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Beauty in Architecture, for Truth’s Sake

February 27 @ 6:30 pm - 8:00 pm

Vitruvius wrote in his Ten Books on Architecture that an architect should focus on three central themes when preparing a design for a building: firmitas (strength), utilitas (functionality), and venustas (beauty). Strength and functionality we understand by learning about them empirically since our earliest memories of childhood–sometimes the hard way. But venustas (beauty) is the more complex theme. Is it found only in the eye of the beholder?

John Haigh, AIA is in his fourth year as an Assistant Professor of Architecture at Benedictine College in northeastern Kansas, where he moved to establish a new classical, pre-professional, liberal arts degree in architecture. John received his M.Arch. from the University of Notre Dame in 2004 and is licensed architect who currently resides in Atchison, KS.

AIA Objectives:
-Learn historical criteria for beauty, beginning with the most ancient treatise, Vitruvius’ Ten Books.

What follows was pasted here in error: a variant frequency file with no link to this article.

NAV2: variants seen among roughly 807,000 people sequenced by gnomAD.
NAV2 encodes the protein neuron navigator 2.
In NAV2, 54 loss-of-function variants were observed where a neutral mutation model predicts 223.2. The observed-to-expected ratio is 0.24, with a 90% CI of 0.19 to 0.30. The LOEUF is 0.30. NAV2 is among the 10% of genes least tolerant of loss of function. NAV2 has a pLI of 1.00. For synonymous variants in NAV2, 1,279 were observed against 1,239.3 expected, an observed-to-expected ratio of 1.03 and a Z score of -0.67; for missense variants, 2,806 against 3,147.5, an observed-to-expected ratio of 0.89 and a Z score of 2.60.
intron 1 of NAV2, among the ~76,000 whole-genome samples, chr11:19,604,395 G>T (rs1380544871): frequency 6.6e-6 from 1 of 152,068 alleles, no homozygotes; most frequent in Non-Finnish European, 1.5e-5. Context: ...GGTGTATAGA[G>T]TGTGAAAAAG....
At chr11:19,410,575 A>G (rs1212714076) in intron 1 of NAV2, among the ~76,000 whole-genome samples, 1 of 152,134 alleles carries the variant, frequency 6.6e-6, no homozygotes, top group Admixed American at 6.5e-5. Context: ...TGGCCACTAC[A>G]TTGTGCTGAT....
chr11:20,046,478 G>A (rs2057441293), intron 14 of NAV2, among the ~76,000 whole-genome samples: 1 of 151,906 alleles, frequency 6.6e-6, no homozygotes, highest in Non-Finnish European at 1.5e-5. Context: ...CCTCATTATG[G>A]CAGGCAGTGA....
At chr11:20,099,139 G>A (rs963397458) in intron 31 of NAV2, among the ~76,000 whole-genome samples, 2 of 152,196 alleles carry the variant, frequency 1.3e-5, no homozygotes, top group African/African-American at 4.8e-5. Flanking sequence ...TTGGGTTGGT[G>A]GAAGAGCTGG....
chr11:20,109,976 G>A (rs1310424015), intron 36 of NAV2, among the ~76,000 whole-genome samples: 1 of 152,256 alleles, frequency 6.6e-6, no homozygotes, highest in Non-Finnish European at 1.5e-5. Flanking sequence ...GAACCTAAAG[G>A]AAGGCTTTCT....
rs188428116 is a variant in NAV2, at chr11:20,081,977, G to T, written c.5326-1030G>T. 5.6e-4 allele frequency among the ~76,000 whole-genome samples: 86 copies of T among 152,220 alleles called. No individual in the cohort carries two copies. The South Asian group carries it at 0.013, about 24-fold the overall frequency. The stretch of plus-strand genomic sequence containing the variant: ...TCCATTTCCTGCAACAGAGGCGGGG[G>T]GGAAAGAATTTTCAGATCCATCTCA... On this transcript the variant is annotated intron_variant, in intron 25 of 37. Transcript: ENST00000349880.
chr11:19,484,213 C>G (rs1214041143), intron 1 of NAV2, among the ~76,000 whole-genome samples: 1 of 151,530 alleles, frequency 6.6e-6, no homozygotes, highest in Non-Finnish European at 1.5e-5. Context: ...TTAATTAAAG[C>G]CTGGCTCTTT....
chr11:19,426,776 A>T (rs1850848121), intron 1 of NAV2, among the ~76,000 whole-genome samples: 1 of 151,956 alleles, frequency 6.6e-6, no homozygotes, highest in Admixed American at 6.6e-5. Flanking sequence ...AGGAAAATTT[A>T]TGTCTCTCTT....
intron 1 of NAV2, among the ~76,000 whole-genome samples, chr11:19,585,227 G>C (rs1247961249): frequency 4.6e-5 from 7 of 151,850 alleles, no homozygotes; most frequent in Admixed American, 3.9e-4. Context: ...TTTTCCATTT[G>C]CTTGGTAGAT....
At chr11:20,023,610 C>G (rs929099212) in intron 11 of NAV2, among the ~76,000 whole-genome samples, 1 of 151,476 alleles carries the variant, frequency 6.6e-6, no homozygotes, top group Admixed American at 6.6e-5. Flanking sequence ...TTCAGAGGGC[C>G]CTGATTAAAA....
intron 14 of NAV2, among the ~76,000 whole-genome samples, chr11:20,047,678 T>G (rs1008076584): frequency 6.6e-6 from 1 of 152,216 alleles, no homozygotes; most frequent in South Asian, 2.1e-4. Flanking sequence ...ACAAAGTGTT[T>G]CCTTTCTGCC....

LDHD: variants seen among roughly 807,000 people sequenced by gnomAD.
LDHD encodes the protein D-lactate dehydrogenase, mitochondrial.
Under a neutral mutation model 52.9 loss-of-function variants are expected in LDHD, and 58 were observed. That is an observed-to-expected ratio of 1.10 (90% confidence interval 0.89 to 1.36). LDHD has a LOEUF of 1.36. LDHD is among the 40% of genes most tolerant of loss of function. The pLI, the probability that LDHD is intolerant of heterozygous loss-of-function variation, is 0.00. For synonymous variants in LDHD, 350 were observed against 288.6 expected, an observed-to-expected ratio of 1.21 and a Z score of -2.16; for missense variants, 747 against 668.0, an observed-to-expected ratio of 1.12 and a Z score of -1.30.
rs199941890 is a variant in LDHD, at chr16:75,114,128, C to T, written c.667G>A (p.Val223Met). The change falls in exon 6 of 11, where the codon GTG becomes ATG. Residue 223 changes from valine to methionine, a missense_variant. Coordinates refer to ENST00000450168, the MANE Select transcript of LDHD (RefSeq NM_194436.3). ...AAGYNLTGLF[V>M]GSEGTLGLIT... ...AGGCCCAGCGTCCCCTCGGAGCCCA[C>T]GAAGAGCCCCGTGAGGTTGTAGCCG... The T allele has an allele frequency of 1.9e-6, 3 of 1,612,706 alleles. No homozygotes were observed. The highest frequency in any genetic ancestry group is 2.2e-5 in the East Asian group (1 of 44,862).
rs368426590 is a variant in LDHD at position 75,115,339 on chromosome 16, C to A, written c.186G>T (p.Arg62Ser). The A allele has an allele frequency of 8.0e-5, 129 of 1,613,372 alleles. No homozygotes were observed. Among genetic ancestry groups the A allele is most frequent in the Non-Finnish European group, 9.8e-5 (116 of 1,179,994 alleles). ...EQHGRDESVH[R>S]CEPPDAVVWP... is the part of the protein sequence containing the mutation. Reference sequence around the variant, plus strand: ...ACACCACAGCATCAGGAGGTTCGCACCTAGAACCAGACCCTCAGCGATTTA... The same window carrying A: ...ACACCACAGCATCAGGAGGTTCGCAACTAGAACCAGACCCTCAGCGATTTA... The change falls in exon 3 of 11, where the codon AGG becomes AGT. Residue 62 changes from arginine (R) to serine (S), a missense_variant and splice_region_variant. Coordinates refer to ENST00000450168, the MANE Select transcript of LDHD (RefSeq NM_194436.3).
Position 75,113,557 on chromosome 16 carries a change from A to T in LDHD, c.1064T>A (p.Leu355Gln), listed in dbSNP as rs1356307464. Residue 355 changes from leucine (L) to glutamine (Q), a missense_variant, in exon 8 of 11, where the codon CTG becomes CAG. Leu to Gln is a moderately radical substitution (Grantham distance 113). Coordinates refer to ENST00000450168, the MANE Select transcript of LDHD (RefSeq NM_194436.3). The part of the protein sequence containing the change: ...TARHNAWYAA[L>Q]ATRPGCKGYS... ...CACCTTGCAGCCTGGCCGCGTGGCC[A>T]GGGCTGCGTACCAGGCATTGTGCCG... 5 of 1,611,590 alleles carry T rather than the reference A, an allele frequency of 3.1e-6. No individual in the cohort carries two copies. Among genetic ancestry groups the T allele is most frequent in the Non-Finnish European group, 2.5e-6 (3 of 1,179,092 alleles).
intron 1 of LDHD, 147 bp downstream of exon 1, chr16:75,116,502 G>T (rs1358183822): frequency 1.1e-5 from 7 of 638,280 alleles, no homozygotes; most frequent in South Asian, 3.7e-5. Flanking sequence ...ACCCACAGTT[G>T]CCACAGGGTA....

-Study ways that the design and construction of a what a culture deems a beautiful building is rooted in the movement and patterns of organic nature.
-Consider the role of form in architectural design as something that engages with events in nature; that forms derive from certain rhythms of life.
-Explore how attempting to identify beauty in architecture ultimately requires a honing of a sense of both unity and diversity within a work; that it is about capturing and communicating a sense of wholeness, a cosmology, and the place of human beings in relation to it.